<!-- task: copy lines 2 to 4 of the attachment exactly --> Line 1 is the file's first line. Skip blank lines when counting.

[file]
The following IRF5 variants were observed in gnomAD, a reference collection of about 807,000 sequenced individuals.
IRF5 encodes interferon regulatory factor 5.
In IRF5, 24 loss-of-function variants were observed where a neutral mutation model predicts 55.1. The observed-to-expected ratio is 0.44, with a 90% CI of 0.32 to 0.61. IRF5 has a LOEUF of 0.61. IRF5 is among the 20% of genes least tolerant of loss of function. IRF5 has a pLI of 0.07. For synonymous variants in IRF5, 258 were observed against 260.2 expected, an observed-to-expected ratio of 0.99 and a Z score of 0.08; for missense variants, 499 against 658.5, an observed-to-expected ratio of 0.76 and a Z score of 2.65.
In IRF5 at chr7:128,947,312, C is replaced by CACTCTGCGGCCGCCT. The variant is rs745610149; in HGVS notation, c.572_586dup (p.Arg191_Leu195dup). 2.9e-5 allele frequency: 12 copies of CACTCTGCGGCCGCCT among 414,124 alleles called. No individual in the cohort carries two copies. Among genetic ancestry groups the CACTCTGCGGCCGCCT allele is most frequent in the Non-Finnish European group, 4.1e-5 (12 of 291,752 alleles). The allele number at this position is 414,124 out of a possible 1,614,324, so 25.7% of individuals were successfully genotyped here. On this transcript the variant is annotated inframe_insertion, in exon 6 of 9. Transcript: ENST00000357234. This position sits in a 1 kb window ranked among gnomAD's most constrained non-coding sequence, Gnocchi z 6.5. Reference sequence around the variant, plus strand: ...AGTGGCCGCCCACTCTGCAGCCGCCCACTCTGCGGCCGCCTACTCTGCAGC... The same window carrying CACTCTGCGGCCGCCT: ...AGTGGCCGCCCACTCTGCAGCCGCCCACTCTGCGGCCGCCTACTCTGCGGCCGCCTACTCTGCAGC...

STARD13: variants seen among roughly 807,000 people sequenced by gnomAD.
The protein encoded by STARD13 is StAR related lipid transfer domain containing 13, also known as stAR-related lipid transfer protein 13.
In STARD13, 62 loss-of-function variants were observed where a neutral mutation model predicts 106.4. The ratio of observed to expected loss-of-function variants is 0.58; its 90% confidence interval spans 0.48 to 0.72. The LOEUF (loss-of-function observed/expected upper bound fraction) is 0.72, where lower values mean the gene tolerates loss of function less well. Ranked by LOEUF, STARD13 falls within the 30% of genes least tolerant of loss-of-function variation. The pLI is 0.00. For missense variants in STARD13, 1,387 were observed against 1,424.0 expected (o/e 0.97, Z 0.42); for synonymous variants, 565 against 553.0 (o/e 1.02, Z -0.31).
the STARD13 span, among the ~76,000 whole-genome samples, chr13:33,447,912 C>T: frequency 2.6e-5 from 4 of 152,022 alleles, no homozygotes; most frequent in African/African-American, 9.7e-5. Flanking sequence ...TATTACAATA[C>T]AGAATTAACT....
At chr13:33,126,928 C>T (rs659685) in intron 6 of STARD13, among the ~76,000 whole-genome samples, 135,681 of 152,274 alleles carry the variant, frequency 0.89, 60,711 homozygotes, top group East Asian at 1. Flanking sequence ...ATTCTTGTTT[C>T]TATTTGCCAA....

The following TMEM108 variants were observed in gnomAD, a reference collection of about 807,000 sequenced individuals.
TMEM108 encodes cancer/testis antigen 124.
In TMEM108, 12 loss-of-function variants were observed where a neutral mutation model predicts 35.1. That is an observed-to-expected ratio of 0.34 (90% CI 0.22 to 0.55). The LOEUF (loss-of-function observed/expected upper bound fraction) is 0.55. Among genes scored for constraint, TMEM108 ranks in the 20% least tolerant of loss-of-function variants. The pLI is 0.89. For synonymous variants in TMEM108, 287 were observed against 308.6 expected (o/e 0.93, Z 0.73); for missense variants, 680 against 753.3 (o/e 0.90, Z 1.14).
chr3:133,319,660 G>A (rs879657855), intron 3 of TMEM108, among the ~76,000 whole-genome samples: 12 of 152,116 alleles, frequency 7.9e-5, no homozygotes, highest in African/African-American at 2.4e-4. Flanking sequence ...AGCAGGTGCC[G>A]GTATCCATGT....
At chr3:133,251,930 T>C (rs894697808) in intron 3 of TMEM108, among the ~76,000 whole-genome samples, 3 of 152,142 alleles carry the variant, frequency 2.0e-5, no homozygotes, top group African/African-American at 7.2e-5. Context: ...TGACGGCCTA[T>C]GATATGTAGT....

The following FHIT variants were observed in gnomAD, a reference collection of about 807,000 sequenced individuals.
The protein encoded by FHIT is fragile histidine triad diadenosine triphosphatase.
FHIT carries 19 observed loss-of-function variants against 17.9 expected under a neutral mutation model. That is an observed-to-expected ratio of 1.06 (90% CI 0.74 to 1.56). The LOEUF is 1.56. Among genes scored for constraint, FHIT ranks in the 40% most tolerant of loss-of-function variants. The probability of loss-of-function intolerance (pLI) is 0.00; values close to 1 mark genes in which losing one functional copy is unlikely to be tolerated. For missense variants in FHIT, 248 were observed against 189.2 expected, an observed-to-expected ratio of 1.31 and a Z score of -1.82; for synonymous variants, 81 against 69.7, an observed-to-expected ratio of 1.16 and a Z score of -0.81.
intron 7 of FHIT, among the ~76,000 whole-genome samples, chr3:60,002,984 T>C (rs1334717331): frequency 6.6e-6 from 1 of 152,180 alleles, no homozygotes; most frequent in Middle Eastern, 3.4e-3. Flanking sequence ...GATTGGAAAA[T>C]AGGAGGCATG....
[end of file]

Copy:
IRF5 encodes interferon regulatory factor 5.
In IRF5, 24 loss-of-function variants were observed where a neutral mutation model predicts 55.1. The observed-to-expected ratio is 0.44, with a 90% CI of 0.32 to 0.61. IRF5 has a LOEUF of 0.61. IRF5 is among the 20% of genes least tolerant of loss of function. IRF5 has a pLI of 0.07. For synonymous variants in IRF5, 258 were observed against 260.2 expected, an observed-to-expected ratio of 0.99 and a Z score of 0.08; for missense variants, 499 against 658.5, an observed-to-expected ratio of 0.76 and a Z score of 2.65.
In IRF5 at chr7:128,947,312, C is replaced by CACTCTGCGGCCGCCT. The variant is rs745610149; in HGVS notation, c.572_586dup (p.Arg191_Leu195dup). 2.9e-5 allele frequency: 12 copies of CACTCTGCGGCCGCCT among 414,124 alleles called. No individual in the cohort carries two copies. Among genetic ancestry groups the CACTCTGCGGCCGCCT allele is most frequent in the Non-Finnish European group, 4.1e-5 (12 of 291,752 alleles). The allele number at this position is 414,124 out of a possible 1,614,324, so 25.7% of individuals were successfully genotyped here. On this transcript the variant is annotated inframe_insertion, in exon 6 of 9. Transcript: ENST00000357234. This position sits in a 1 kb window ranked among gnomAD's most constrained non-coding sequence, Gnocchi z 6.5. Reference sequence around the variant, plus strand: ...AGTGGCCGCCCACTCTGCAGCCGCCCACTCTGCGGCCGCCTACTCTGCAGC... The same window carrying CACTCTGCGGCCGCCT: ...AGTGGCCGCCCACTCTGCAGCCGCCCACTCTGCGGCCGCCTACTCTGCGGCCGCCTACTCTGCAGC...